Group B streptococcus (GBS) is a gram-positive bacteria that asymptomatically colonizes the vaginal tract. However, during pregnancy maternal GBS colonization greatly predisposes the mother and baby to a wide range of adverse outcomes, including preterm birth (PTB), stillbirth, and neonatal infection. Although many mechanisms involved in GBS pathogenesis are partially elucidated, there is currently no approved GBS vaccine. The development of a safe and effective vaccine that can be administered during or prior to pregnancy remains a principal objective in the field, because current antibiotic-based therapeutic strategies do not eliminate all cases of invasive GBS infections. Herein, we review our understanding of GBS disease pathogenesis at the maternal-fetal interface with a focus on the bacterial virulence factors and host defenses that modulate the outcome of infection. We follow GBS along its path from an asymptomatic colonizer of the vagina to an invasive pathogen at the maternal-fetal interface, noting factors critical for vaginal colonization, ascending infection, and vertical transmission to the fetus. Finally, at each stage of infection we emphasize important host-pathogen interactions, which, if targeted therapeutically, may help to reduce the global burden of GBS.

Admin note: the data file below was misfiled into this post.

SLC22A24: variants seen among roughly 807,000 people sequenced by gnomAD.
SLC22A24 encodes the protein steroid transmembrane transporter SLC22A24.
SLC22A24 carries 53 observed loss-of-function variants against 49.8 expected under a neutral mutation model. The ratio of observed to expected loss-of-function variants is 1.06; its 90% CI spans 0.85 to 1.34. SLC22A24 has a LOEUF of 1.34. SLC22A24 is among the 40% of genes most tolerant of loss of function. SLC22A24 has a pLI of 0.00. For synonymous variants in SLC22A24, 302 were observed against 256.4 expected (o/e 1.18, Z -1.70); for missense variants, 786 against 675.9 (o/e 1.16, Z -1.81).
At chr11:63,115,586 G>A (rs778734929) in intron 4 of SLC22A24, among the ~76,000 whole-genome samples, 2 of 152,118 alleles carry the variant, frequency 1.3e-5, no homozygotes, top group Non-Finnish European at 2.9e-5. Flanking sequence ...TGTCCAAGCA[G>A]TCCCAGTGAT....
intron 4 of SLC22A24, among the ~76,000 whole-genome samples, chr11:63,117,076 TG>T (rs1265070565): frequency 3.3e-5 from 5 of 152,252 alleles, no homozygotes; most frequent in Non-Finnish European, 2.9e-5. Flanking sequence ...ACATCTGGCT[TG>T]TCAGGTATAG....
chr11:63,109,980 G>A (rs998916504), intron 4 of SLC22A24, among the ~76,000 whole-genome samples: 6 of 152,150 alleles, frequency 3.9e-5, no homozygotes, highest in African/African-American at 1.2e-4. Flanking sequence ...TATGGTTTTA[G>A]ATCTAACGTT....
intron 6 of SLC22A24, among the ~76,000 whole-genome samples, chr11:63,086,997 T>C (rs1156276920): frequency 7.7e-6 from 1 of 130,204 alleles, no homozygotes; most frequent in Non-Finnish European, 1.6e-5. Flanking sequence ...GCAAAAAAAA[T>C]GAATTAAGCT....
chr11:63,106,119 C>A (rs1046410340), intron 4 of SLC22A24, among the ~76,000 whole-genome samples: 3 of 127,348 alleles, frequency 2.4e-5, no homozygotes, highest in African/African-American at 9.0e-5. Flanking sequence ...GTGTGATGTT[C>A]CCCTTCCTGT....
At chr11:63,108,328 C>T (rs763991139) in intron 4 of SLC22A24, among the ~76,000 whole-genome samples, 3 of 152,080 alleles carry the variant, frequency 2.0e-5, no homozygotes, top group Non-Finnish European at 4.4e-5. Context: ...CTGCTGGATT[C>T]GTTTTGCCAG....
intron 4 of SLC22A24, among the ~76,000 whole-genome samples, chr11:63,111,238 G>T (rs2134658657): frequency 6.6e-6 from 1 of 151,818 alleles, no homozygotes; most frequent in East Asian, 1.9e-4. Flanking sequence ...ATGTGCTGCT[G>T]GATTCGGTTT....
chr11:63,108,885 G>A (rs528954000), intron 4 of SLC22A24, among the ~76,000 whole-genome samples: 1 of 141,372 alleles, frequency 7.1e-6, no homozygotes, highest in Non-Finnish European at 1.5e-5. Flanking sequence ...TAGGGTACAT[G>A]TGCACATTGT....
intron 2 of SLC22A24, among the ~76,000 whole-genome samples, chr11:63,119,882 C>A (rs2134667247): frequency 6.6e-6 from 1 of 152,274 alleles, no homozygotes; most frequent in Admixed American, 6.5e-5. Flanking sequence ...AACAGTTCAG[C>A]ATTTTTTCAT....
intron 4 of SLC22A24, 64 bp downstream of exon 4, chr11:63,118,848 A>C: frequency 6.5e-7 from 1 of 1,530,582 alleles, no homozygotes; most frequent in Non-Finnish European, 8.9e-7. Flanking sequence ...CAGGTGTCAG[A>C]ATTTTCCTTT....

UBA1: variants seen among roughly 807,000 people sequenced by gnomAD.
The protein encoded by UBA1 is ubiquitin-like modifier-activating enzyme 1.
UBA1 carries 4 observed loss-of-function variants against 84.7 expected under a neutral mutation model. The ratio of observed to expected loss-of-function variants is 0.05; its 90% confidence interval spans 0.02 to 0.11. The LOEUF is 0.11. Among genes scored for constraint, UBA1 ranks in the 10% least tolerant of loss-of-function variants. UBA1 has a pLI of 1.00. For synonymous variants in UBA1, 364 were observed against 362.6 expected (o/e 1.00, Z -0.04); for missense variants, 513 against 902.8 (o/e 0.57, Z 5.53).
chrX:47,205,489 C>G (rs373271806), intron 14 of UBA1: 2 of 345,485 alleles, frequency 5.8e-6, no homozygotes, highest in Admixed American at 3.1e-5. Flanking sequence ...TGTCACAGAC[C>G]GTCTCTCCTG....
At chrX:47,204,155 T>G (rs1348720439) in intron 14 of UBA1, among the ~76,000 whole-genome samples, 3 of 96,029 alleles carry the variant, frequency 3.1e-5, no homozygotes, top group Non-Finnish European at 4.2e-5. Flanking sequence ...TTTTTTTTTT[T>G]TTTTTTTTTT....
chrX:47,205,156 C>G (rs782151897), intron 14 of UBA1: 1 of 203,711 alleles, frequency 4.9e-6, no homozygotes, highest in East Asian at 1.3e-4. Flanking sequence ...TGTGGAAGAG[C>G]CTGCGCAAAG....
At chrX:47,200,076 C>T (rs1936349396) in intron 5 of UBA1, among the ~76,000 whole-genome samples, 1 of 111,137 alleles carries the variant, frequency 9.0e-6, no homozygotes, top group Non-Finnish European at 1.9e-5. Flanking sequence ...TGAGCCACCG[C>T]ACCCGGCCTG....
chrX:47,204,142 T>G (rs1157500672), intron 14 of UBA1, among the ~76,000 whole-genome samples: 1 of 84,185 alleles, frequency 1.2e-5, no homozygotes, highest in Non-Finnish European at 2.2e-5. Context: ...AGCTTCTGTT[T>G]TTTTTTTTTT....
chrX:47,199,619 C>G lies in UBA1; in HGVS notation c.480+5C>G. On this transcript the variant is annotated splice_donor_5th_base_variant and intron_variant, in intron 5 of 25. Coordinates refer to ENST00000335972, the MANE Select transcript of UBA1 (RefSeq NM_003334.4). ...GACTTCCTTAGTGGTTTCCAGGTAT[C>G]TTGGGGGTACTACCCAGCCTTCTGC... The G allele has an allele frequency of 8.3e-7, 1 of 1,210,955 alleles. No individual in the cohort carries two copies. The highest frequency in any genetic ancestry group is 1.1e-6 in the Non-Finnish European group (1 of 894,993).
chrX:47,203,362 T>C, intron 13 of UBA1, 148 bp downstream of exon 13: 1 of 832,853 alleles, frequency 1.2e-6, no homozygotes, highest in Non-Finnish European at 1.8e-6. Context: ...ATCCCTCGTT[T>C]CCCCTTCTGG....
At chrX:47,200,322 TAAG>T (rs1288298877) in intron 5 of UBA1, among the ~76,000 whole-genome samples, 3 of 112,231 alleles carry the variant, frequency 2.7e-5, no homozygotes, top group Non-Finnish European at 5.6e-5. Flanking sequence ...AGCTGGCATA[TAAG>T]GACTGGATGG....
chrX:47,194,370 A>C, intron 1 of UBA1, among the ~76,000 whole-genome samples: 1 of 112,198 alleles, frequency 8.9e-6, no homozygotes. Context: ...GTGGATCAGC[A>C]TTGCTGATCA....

Keywords: bacteria; colonization; fetus; group B streptococcus; placenta; pregnancy; preterm birth; vagina.
Copyright © 2021 Brokaw, Furuta, Dacanay, Rajagopal and Adams Waldorf.